In fact, it actually almost happened 1 year ago. Starfinder had this combined resistance, for a time, until compatibility with PF1 monsters (which used the DR and energy resistance format) forced the slide backwards to DR and energy resistance later on.

I wonder if you are kicking yourself over that decision now. I would ;P

Not sure I follow this? PF2 had the combined resistance first, before we even started on Starfinder.

Yes, and that's exactly my point. Starfinder is, pardon me saying, worse because of PF1 backward compatibility and while PF1 is pretty much over, SF is going to continue living alongside PF2 for the next couple of years.

It makes one wonder what great games you could design if you ditched the past completely. (Heresy, I know.)


2 people marked this as a favorite.

As long as the NPC versions of character classes aren't grossly insulting to the PCs, we're good.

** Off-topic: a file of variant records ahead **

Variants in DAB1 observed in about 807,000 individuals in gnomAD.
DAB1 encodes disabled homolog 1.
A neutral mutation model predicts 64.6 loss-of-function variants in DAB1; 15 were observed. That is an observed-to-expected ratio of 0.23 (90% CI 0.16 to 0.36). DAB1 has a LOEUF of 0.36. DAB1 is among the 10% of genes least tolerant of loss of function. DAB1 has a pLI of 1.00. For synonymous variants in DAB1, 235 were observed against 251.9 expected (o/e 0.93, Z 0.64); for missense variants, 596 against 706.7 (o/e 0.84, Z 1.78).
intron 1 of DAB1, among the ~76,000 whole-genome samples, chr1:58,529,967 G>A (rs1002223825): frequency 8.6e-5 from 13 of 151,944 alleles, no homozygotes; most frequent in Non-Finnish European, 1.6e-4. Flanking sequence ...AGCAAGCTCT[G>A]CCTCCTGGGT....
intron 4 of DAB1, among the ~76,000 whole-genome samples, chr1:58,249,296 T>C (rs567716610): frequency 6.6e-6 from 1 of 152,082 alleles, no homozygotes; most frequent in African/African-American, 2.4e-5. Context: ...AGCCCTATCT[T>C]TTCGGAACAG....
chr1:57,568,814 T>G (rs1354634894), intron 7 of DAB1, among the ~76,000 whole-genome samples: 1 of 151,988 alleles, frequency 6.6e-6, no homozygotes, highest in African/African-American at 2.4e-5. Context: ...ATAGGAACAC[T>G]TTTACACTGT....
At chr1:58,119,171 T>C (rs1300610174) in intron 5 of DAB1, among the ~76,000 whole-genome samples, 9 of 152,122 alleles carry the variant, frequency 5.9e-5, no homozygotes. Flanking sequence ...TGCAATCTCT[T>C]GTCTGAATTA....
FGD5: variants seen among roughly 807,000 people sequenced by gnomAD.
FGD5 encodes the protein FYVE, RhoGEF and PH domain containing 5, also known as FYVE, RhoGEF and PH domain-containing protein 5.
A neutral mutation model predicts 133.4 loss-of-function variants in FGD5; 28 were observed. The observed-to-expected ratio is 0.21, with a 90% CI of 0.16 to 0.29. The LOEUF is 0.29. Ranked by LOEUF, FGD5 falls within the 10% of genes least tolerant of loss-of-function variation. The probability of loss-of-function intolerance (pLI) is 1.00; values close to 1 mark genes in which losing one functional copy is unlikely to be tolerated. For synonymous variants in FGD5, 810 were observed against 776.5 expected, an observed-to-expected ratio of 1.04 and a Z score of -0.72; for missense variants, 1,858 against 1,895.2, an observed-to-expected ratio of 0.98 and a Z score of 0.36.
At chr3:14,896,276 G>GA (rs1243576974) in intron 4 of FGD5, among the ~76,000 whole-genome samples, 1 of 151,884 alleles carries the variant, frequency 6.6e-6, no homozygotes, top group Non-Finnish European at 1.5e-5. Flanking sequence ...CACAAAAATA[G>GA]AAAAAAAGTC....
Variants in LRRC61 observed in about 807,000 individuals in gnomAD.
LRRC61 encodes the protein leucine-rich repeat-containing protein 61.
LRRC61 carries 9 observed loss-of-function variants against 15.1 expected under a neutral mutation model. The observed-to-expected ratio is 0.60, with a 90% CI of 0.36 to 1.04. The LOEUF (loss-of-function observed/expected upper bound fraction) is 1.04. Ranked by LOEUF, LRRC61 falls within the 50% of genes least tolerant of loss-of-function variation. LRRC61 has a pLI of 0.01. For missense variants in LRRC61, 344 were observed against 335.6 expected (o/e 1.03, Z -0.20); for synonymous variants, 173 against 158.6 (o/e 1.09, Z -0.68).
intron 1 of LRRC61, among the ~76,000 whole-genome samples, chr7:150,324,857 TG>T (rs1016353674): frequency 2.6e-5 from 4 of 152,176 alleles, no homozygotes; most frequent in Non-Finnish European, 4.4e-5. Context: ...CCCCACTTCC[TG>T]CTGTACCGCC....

Paizo Employee Designer

2 people marked this as a favorite.
gustavo iglesias wrote:
Mark Seifter wrote:
Wild Spirit wrote:
Mark Seifter wrote:
gwynfrid wrote:
This looks great. The fusion of DR and energy resistance feels like something so evident that it should have been done 10 years ago!
In fact, it actually almost happened 1 year ago. Starfinder had this combined resistance, for a time, until compatibility with PF1 monsters (which used the DR and energy resistance format) forced the slide backwards to DR and energy resistance later on.

I wonder if you are kicking yourself over that decision now. I would ;P